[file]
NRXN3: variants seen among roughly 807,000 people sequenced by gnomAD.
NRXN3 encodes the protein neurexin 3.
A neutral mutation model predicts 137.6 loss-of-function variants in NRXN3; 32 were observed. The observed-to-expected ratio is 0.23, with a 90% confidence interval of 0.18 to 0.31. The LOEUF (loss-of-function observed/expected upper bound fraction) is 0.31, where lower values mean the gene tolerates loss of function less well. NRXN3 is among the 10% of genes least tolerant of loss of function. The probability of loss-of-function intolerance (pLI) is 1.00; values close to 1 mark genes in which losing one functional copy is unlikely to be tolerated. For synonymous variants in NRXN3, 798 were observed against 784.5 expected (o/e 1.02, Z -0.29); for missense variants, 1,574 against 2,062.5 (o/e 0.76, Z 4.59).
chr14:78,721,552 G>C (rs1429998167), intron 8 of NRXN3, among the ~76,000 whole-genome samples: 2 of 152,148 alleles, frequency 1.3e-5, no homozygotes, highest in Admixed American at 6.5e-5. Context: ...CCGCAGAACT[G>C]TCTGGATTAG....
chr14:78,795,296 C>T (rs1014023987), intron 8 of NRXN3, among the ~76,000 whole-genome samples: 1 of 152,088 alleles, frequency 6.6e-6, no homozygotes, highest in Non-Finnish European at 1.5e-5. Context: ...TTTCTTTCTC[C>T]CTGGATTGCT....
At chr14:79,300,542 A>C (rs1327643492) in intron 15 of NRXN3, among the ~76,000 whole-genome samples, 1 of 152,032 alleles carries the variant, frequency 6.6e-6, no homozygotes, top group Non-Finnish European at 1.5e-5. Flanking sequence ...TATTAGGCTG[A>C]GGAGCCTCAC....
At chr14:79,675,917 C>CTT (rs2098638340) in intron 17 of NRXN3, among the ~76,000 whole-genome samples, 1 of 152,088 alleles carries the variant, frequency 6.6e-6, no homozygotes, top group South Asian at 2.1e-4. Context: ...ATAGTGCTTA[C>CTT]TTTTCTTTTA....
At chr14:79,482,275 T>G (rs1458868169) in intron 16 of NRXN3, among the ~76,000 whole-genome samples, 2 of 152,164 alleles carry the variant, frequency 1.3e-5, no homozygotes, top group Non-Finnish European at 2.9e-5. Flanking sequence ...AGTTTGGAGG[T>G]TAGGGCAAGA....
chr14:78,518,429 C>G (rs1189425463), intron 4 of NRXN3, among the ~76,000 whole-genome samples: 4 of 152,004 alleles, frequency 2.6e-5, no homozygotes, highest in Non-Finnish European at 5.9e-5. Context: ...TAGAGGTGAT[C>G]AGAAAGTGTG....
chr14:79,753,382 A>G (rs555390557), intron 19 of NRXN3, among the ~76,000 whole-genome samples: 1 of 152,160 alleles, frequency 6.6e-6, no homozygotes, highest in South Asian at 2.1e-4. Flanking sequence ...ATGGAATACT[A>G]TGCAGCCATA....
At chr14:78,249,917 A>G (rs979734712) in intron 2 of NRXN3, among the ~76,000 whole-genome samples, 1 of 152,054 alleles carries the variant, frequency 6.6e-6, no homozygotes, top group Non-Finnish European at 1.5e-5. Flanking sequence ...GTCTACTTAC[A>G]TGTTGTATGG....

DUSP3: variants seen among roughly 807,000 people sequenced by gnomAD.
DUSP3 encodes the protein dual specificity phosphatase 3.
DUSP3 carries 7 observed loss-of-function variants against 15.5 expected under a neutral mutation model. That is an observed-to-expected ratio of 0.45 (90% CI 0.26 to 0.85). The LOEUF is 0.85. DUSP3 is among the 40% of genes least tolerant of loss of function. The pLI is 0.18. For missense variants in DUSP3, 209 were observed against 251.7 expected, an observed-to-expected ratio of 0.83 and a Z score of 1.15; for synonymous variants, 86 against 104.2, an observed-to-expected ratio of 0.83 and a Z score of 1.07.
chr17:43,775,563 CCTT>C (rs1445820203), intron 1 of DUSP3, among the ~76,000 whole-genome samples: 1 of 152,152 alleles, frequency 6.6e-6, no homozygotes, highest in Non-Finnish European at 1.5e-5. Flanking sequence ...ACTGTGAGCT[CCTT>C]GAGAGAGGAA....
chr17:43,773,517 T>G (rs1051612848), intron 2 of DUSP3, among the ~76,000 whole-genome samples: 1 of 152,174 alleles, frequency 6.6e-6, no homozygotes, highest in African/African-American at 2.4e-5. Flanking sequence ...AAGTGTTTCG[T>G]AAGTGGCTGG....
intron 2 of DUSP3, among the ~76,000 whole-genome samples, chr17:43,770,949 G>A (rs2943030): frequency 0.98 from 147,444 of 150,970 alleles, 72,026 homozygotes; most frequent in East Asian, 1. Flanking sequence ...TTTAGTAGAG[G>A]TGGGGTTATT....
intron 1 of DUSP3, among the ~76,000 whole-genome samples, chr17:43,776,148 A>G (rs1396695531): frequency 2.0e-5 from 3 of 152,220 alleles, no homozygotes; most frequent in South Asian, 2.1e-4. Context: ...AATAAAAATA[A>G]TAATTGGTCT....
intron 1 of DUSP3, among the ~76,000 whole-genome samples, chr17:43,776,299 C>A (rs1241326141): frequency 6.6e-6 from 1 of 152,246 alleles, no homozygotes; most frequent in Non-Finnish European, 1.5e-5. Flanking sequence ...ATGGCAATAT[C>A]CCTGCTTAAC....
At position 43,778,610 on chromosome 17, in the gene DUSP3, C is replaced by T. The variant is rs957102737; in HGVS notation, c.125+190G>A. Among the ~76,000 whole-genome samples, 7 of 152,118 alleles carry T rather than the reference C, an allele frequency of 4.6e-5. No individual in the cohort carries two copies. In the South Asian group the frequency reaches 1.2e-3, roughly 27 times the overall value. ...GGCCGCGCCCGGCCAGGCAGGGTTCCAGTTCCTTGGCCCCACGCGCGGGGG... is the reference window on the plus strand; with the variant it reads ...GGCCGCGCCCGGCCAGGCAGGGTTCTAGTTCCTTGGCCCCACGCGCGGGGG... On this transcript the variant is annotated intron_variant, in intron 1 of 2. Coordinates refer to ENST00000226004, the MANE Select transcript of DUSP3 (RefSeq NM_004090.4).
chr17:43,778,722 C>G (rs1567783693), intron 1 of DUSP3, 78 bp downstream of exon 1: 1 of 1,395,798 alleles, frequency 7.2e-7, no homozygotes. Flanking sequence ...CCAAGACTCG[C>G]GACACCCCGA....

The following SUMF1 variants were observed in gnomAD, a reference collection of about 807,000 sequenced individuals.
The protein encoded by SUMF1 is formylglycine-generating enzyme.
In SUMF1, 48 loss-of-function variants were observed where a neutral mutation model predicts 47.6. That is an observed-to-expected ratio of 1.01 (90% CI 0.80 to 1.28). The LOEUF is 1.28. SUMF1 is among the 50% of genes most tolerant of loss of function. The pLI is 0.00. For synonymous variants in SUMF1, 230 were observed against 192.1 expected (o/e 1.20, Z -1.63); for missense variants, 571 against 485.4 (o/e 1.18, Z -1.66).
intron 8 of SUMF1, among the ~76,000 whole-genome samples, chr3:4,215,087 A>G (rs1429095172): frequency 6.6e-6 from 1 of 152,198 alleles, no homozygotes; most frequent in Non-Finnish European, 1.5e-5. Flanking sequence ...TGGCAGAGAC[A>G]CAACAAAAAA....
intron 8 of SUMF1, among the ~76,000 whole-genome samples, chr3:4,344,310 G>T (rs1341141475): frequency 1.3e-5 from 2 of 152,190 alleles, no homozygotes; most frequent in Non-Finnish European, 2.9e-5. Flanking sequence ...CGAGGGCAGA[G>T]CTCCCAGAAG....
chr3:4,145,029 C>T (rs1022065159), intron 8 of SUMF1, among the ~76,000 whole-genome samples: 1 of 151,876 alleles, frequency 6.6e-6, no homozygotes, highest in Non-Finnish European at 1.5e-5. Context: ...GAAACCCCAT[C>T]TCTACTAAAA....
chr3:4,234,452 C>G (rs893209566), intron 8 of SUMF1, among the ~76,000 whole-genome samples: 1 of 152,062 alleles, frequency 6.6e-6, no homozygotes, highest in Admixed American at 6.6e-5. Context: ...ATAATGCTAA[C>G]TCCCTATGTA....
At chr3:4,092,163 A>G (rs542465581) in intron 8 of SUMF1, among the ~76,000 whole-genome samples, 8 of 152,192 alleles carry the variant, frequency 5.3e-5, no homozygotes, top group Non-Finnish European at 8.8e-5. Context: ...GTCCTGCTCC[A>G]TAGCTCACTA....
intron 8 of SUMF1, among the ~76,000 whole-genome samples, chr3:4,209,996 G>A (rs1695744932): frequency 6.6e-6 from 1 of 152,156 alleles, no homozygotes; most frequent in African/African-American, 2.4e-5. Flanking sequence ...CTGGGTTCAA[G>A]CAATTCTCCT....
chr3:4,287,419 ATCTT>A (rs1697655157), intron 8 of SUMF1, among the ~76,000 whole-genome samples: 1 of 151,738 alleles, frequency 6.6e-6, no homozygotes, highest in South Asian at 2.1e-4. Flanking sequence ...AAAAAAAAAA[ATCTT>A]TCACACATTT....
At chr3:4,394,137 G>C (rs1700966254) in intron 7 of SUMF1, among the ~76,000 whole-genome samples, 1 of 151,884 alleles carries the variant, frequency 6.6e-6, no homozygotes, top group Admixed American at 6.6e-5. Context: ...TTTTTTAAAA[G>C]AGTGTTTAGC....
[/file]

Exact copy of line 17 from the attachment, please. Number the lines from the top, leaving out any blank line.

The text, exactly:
intron 2 of DUSP3, among the ~76,000 whole-genome samples, chr17:43,770,949 G>A (rs2943030): frequency 0.98 from 147,444 of 150,970 alleles, 72,026 homozygotes; most frequent in East Asian, 1. Flanking sequence ...TTTAGTAGAG[G>A]TGGGGTTATT....